A lot of eyebrows were raised by the Pentagon's decision last week
to remove a judge presiding over a key war crimes tribunal at Guantanamo Bay.
Defense attorneys say the military judge was removed because he'd made several rulings in favor of the defendant, a Canadian national named Omar Khadr who was detained at the age of 15 in Afghanistan in 2002.
The military may also be pushing to convene Guantanamo's first terrorism trial -- sure to be a cable TV news event -- at the height of the presidential election season this fall, defense attorneys say
Now the military brass is getting defensive about the judge's removal.
The Miama Herald reports
Chief judge Marine Col. Ralph Kohlmann said he was making the rare public statement because last week's dismissal of Col. Peter Brownback raised questions about the independence of military officers presiding over tribunals at the Guantanamo Bay Navy base in Cuba.
"Any suggestion that my detailing of another military judge was driven by or prompted by any decisions or rulings made by Colonel Brownback is incorrect," Kohlmann said in the statement e-mailed to reporters.
Kohlmann said the Army decided by February to let Brownback's active-duty service orders expire.
But that struck many observers as odd, since Brownback had offered to remain on the case as long as needed and had received three annual extensions during the past few years.
Kohlmann said the Army made its decision "based on a number of manpower management considerations" unrelated to the tribunals.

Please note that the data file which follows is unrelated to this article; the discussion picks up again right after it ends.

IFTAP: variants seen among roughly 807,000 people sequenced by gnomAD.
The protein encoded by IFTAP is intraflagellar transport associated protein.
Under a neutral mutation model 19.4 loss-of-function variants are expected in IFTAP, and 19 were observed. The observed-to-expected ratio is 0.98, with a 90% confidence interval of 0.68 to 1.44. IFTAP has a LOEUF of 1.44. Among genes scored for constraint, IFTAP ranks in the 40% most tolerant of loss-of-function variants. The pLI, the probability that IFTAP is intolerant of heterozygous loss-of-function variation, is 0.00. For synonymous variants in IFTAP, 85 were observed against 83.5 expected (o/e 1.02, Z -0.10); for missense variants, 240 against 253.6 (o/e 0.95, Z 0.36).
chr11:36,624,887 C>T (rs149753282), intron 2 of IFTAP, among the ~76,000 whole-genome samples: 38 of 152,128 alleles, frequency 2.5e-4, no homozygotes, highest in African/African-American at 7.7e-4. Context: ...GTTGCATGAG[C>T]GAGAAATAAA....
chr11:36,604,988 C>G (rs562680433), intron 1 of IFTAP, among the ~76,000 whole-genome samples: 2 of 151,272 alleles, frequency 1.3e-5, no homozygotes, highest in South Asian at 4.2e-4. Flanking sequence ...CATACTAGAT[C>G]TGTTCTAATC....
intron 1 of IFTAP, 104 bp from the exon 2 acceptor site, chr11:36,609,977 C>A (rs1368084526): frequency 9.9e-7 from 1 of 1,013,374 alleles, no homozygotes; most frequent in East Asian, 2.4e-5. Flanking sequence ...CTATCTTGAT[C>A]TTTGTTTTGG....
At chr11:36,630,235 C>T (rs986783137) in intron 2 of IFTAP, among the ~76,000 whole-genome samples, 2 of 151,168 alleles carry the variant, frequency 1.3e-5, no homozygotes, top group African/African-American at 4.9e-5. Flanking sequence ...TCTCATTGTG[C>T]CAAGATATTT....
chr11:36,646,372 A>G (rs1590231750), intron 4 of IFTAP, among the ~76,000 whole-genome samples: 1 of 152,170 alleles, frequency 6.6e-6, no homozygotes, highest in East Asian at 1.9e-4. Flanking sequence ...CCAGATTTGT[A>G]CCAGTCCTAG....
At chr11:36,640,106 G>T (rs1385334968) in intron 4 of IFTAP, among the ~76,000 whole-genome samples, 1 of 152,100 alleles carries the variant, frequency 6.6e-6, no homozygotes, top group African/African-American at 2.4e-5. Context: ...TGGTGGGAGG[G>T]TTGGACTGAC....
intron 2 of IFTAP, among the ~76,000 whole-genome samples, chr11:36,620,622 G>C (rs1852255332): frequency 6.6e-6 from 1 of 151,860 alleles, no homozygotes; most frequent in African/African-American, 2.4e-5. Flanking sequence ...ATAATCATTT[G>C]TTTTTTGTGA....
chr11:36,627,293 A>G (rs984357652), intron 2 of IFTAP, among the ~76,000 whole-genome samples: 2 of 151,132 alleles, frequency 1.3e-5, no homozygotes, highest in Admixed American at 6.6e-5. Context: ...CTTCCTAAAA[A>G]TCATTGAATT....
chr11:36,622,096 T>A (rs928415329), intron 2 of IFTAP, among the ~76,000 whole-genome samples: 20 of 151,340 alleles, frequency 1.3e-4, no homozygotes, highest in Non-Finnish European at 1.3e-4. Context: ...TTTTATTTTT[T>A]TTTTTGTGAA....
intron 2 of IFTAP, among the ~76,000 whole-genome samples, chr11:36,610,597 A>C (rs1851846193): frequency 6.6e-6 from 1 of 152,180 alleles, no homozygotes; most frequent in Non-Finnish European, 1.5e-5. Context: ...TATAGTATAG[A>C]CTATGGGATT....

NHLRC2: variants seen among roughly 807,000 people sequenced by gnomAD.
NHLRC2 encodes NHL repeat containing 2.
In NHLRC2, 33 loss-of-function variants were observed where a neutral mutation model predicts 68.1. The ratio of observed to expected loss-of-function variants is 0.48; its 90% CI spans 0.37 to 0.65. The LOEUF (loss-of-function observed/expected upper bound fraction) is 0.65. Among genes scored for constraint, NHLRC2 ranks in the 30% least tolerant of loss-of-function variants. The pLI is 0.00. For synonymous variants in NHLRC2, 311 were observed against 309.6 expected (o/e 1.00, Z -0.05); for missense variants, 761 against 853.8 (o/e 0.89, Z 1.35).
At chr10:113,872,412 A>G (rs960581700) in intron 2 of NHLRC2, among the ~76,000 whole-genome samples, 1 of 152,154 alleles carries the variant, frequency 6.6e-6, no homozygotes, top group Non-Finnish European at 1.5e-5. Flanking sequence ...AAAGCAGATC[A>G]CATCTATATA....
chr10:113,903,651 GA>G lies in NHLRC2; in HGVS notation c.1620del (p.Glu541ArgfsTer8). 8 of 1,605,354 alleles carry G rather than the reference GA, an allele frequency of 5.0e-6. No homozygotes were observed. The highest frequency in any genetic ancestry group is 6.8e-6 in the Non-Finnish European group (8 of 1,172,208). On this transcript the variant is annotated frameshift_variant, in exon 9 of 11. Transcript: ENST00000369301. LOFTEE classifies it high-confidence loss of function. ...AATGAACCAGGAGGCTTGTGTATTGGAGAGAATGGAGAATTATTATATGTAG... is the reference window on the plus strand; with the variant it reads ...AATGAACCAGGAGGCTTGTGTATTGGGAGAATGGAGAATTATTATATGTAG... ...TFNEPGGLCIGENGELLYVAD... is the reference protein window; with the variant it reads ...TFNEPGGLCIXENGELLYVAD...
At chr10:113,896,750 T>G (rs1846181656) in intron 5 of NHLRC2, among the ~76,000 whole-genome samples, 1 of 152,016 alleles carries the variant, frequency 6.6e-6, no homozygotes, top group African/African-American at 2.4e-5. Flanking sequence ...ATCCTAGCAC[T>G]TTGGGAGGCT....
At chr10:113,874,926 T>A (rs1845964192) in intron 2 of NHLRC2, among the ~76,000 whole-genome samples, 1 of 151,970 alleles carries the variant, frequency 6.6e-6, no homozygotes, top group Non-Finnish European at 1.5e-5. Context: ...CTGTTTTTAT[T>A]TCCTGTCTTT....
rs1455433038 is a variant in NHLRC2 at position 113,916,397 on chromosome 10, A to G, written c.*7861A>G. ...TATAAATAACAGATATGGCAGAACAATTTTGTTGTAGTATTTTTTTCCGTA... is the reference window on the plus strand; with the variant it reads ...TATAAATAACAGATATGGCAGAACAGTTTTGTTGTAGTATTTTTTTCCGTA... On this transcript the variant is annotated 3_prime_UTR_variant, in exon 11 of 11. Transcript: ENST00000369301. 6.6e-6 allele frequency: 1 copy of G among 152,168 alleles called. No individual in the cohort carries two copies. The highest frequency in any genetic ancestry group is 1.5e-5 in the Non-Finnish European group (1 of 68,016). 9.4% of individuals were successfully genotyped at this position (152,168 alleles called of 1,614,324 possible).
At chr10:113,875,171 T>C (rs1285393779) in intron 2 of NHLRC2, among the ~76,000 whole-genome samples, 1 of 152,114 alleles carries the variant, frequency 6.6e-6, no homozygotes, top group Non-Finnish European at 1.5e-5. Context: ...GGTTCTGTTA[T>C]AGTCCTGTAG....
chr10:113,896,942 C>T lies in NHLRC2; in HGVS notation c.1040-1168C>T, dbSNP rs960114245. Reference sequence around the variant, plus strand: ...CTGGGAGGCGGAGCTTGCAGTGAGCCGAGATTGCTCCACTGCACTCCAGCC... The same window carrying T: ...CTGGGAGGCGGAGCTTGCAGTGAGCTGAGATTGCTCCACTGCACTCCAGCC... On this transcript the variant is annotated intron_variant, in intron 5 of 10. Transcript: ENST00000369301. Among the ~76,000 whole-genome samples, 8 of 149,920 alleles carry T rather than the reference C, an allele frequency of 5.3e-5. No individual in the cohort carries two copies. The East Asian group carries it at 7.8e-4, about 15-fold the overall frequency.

also notes the rising tension between the judge and the military prosecutors in the case.
At a May 8 hearing, Brownback said that he had "badgered, beaten and bruised" by prosecutors to set a trial date. But he refused to do so before they satisfied defense requests for access to potential evidence, even threatening to suspend the proceedings unless the detention center provided records of Khadr's confinement.
The judge's removal and the taint of political interference has sparked a lot of controversy in Canada, where there is growing pressure for the government to demand Khadr's repatriation if the case is not soon resolved.
Editorial writers at the Globe and Mail
, a Toronto-based national newspaper, appeared skeptical
of the Army's explanation.
Given what is at stake for the United States in this trial that is to test the new military-commissions process, given the request from the chief judge that Col. Brownback stay on, and given the strange timing after years of extensions, this explanation is not enough to allay the impression of political interference.
The [Canadian Prime Minister] Stephen Harper government insists it wants to let the process work, but as the judge's removal suggests, this is a questionable process.